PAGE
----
“This change-only-when-relevant feature reminds us that the brain is not simply a blank slate upon which the world scrawls all its stories. .. Experiences turn into memories when they are germane (to our lives).” (David Eagleman, 2020)
Teachers who, “foster rethinking cycles by instilling intellectual humility, disseminating doubt and cultivating curiosity,” (Adam Grant, 2021) are more likely to equip students for their future; to know what to do when they do not know what to do.
“Collecting a teacher’s knowledge may help us solve the challenges of the day, but understanding how a teacher thinks can help us navigate the challenges of a lifetime. Ultimately education is more than the information we accumulate in our heads.” (Adam Grant, 2021)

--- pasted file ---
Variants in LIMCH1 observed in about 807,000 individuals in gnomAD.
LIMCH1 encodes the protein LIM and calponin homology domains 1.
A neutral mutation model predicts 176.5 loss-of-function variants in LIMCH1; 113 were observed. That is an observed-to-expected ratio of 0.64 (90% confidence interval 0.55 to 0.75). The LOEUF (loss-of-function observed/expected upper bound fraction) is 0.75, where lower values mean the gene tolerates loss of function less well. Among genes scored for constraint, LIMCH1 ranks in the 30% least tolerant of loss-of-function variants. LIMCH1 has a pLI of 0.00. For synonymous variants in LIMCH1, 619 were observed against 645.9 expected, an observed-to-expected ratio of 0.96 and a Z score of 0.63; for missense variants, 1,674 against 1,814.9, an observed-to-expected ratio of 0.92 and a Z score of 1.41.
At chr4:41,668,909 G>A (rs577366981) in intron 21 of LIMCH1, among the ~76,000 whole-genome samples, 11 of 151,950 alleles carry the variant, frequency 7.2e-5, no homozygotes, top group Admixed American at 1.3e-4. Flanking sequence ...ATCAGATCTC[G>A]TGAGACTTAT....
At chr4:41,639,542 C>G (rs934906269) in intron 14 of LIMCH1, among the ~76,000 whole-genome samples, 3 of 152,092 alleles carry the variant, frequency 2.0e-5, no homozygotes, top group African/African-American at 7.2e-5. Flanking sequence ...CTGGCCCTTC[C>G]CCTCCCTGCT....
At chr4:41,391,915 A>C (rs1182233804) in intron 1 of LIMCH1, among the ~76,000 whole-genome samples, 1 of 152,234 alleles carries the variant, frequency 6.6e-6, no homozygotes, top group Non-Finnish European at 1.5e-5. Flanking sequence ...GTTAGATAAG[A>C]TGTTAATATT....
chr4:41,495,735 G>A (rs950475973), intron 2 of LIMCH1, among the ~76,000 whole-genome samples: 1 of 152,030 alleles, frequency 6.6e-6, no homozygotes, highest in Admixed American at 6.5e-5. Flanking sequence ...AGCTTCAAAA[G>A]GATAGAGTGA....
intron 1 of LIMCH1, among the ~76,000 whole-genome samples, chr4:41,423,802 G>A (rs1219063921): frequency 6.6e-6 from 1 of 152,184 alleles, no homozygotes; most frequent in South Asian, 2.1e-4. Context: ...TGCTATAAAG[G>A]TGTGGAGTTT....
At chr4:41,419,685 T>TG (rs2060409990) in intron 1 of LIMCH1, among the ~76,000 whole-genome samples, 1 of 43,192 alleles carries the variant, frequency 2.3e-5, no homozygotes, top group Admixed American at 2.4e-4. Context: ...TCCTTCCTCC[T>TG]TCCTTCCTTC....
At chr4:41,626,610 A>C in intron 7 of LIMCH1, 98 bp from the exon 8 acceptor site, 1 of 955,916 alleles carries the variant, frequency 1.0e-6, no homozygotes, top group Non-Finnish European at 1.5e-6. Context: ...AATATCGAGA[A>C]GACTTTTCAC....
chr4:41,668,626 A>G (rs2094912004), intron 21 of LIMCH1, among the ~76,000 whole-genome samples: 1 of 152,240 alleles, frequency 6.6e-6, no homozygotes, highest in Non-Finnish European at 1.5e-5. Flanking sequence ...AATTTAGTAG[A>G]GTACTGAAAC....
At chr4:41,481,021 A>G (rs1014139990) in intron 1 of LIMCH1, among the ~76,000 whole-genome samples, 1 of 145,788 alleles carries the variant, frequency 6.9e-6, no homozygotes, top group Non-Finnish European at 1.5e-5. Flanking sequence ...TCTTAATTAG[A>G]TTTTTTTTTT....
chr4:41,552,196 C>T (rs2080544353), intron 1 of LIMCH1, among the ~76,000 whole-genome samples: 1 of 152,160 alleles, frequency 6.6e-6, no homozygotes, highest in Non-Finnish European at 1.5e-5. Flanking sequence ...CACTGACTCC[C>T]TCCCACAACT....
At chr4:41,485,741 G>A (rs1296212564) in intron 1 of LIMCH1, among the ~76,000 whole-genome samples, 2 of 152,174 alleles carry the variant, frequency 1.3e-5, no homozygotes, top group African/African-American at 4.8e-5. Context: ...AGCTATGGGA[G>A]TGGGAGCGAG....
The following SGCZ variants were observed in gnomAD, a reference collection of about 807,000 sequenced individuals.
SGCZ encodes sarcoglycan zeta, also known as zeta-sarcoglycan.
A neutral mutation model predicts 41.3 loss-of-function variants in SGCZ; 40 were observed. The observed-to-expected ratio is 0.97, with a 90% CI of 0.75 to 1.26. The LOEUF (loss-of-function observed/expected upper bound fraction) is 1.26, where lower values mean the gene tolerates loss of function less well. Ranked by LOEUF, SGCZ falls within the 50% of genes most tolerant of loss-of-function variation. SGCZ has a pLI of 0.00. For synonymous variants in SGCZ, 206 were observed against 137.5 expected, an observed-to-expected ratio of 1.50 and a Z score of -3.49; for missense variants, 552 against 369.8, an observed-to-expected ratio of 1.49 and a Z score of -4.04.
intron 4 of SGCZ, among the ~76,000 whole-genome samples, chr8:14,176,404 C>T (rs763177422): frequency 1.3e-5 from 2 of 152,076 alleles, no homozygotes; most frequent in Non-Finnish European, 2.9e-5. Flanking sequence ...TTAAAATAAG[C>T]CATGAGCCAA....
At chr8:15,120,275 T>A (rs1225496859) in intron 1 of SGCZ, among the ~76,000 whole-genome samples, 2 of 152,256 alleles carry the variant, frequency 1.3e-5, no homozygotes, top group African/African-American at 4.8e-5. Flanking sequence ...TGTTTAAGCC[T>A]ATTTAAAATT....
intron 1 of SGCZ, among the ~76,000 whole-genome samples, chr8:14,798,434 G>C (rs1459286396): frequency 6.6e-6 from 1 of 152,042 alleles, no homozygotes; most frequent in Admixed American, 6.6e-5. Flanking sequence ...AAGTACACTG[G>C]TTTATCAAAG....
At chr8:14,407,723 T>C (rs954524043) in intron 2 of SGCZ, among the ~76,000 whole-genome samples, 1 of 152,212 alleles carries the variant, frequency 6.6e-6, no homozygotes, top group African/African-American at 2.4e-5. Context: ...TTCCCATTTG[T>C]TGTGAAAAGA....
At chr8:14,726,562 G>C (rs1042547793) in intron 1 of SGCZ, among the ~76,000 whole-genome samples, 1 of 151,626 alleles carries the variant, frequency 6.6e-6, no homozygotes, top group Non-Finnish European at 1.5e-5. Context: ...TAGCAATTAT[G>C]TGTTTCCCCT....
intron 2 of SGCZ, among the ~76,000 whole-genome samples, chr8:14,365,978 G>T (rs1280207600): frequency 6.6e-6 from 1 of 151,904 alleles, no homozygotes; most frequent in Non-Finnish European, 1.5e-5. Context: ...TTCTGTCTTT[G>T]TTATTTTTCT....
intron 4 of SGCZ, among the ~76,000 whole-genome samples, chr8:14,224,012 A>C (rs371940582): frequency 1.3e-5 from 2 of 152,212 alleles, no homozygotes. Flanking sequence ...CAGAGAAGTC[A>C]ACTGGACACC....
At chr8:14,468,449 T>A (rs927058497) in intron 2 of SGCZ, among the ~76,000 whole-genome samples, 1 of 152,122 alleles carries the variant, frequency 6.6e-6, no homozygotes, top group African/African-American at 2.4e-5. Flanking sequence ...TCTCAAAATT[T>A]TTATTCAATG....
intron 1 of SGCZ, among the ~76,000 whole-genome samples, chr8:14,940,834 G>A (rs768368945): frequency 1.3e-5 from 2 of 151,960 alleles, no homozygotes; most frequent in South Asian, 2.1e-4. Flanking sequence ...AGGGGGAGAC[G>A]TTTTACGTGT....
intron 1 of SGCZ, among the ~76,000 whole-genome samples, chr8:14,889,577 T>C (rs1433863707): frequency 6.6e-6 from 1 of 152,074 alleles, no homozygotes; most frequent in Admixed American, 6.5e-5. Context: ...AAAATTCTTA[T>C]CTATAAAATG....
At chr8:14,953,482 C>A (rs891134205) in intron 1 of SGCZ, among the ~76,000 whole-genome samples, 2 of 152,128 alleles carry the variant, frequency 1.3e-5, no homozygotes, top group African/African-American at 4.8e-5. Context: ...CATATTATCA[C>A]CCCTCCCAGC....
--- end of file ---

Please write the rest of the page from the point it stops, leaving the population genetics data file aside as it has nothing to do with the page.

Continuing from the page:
What if our connection with Education is elasticated to the point of failure?
In middle and long distance races athletes describe the rubber band that exists between themselves and the runner(s) in front. Once this extends too far there is a point of no return, the band snaps and it is impossible to catch-up.
Sadly this may also be true for disadvantaged children over time (and accelerated during the pandemic). There is a point when disadvantaged children increasingly self-deselect themselves from engaging, attending and trying; they become disenfranchised from education. The elastic snapping and the checking-out of education may sadly be the case for an eye-wateringly high number of disadvantaged children. Our challenge, for these individuals, will not be simply to close gaps, but to prove to those who are no longer in the game that education, itself, is worthwhile.
What you have (or have not) in your locker counts (you in or counts you out)